Who reflects the Latin community?
Another deeper issue is the problem of colors within Latin American and Latin American culture. As part of the region’s colonial legacy, light-skinned or white Hispanic and Latino Americans gained a social privilege often denied to dark-skinned Afro-Latinos or indigenous peoples. That is why the Latin American media often only features blond and blue-eyed singers, telenovela stars or newscasters.
For example, while Alfonso Cuaron Rome He got the attention for giving an indigenous actress, Yalitza Aparicio, a starring role in his film, Mexican racists attacked her appearance At least one magazine cover softened its image. Those internal prejudices have followed us wherever we go and they happen to fit well with the racism that already exists in Hollywood. Some conversation spread this weekend toward white directors, Tiffany Little Canfield and Bernard Telsey, who may not have known the cultural nuances they were navigating when casting.
While it is difficult to expect any piece of art to sum up the totality of experiences from more than 30 different countries and subsequent diaspora, there should be room for debate as to why this exclusion of Afro-Latinos and indigenous peoples persists. I loved in the heights And I saw myself reflected in stories of ambitious goals, insecurity about navigating elite institutions, and reminiscing about our families’ pasts with an eye on our future. But that’s because I’m also white Hispanic, and while I’ve been frustrated by decades of Latino erasure in Hollywood, I’ve never experienced nearly as much erasure as Afro-Latinos or indigenous people in my community.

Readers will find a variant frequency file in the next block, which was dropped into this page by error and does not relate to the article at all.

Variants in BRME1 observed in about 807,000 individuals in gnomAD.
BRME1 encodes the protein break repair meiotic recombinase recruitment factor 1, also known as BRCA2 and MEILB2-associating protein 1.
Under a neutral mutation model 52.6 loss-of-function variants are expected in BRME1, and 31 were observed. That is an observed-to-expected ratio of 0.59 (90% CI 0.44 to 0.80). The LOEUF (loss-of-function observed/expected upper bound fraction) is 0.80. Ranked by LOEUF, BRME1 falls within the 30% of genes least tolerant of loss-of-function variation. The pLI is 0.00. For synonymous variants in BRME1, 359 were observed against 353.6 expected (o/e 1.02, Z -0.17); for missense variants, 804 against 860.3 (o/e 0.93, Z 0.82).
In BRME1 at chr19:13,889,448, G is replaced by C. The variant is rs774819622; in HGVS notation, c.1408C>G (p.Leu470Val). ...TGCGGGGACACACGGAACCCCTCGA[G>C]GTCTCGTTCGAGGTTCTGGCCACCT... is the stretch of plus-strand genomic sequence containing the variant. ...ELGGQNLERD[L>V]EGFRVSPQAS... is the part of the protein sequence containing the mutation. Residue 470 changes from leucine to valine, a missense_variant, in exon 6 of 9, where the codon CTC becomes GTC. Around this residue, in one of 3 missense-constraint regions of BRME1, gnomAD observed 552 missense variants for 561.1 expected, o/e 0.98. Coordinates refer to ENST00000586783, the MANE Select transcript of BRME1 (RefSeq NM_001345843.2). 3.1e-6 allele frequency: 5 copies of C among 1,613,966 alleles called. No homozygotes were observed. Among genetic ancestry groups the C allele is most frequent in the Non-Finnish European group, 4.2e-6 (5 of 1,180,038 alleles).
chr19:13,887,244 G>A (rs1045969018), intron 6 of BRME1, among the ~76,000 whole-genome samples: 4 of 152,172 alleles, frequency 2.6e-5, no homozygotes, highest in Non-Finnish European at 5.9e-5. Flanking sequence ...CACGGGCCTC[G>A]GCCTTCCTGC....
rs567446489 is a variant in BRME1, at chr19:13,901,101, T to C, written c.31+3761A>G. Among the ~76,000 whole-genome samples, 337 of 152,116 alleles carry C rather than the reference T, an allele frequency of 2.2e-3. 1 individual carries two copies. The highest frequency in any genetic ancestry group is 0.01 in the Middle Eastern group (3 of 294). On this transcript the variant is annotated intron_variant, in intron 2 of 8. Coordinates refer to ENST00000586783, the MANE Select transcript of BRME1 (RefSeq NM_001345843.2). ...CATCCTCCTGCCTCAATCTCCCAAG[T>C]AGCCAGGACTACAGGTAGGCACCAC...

Recently, there has been opposition against latindad concept Because it is often used to erase people who do not fit the narrow definition of what Latin looks like. Latinos are more than one story, one skin color, or one umbrella identity. This discussion of color is about recognizing those already in our communities and families, to stop keeping dark-skinned and Indigenous talents out of the spotlight and open doors not just for white or fair-skinned Latinos, but for all of us and our diverse experiences. in the heights It won’t solve decades of media exclusion and centuries of coloring, but perhaps it could start a movement toward universal diversity in reality.